During the 2015 New Museum Triennial, artist niv Acosta premiered the performance series Discotropic. In the performance, which featured the artist alongside dancers dressed in varying portions of black cloth dancing and chanting throughout the museum to disco and experimental noises, an experimental meditation on the body emerged. Since then, the series has continued to evolve as an abstract exploration of the ways in which the black body collides with science fiction, disco, astrophysics, and whiteness.
“The piece started as a research project,” explains Acosta. “I started [searching] the Internet to find representation of blackness in science fiction books, film, and television,” he says. “I also was interested in how whiteness co-opted disco and how it changed the flavor of disco and how black people participating in disco got weirder and weirder.” For Acosta, in both science fiction and disco, black people came to be invisible because those spaces became synonymous with whiteness. “I wanted to think about people who don’t get the amount of visibility that they deserve,” he explains to The Creators Project. “Discotropic thinks about how that applies to the current climate of racial representation now.”
In the opening scene of a recent performance of Discotropic at Performance Space 122’s Coil performance festival, the artist and a series of dancers begin to “twerk.” They go on for 15 minutes. “We are using ‘twerking’ not just as a meditative practice but also as a way to effectively throw at the audience the notion of ‘twerking’ as a movement owned by the black folks in the space,” explains Acosta. Yet in employing the popular contemporary black dance as a durational technique, Acosta seems to conjure at once the movement of the black body in real life. The repetition dismantles the commonly held notions of the dance to show the multiplicity of meaning that lives in the black body. How it can at times evoke fantasy, move in a way that empowers and sometimes summons racism that invites violence. The entire performance shows the black body in spades.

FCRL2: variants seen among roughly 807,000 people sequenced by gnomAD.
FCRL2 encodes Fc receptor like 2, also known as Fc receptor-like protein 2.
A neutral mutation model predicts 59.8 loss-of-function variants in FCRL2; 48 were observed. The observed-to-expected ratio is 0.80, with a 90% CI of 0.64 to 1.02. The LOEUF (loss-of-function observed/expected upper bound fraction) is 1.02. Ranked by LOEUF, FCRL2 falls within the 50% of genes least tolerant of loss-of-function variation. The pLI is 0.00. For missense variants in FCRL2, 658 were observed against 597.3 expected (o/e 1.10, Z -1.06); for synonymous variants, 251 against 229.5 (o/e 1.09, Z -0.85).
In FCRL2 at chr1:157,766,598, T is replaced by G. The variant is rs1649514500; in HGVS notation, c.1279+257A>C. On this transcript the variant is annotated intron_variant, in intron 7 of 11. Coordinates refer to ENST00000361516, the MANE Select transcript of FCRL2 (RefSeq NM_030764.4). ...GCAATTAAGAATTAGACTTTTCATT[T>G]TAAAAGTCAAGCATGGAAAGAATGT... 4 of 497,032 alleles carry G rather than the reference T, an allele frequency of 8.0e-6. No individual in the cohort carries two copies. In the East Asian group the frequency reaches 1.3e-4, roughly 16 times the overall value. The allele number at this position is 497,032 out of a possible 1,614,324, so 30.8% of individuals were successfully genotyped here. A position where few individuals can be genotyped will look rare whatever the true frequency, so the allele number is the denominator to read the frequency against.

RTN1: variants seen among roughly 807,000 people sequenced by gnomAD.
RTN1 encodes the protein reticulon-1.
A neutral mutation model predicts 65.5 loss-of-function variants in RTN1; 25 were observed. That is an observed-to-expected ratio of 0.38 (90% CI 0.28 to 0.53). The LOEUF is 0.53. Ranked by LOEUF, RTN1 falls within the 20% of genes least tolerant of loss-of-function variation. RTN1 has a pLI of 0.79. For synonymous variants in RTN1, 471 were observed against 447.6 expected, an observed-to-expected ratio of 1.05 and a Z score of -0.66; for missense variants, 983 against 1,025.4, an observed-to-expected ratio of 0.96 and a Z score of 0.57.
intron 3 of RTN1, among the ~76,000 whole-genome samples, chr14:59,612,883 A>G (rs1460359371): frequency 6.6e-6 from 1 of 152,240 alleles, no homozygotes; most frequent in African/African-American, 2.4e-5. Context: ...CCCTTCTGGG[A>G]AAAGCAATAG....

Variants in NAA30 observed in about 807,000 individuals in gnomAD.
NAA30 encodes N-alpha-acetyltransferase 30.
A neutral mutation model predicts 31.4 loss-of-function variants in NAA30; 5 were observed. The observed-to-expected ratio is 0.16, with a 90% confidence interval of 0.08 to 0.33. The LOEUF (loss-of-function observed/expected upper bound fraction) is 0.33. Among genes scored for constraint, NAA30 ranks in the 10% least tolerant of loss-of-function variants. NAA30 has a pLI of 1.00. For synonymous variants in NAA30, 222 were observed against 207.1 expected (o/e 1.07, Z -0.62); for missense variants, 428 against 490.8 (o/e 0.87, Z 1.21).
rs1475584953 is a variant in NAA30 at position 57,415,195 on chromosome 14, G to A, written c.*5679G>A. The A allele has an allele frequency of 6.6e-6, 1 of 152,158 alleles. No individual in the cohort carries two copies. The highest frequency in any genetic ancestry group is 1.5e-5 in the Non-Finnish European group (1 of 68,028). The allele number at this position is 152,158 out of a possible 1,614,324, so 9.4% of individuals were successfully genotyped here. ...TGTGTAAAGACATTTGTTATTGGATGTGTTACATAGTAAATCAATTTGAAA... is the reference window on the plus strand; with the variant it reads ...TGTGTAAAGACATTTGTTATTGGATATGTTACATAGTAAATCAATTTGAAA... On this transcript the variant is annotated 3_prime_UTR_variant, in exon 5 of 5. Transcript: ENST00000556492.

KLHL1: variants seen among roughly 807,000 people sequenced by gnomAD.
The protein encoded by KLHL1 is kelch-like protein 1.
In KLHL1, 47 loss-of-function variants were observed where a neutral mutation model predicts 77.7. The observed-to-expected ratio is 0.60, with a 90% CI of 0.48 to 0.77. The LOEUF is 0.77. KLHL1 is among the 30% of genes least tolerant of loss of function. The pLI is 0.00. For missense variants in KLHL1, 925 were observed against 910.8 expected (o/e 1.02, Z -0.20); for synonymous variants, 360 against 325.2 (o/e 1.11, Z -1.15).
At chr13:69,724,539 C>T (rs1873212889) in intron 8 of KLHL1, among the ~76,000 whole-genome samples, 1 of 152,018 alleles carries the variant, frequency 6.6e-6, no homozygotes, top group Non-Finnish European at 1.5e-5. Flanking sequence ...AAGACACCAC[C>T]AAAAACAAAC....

“We are being really critical about how we are seen and the consumption of the black body,” says Acosta of the way he and the dancers move in the performance, “in a way that’s super confrontational. People think it’s absurd, exhausting, and maybe shouldn’t happen for so long, but it’s about authorship and the black body.”
In the work, Acosta also employ texts he created as a “protest anthem," the idea being that the piece challenges audience assumptions. The movement-based performance, which lasts for roughly 90 minutes, cogently draws lines around what black space is, how the black body can behave in such space, and ultimately how can blackness retains its pitch amid structural and physical violence. “Discotropic is actively trying to dismantle structural racism in its very abstract form,” explains Acosta. “For me, the change I want to see this work impacting is people opening a conversation about how our bodies navigate the struggle.” He adds, “We need each other because racism impacts us all negatively—this is really what Discotropic is trying to teach.”
For more information on upcoming Discotropic performances, click here.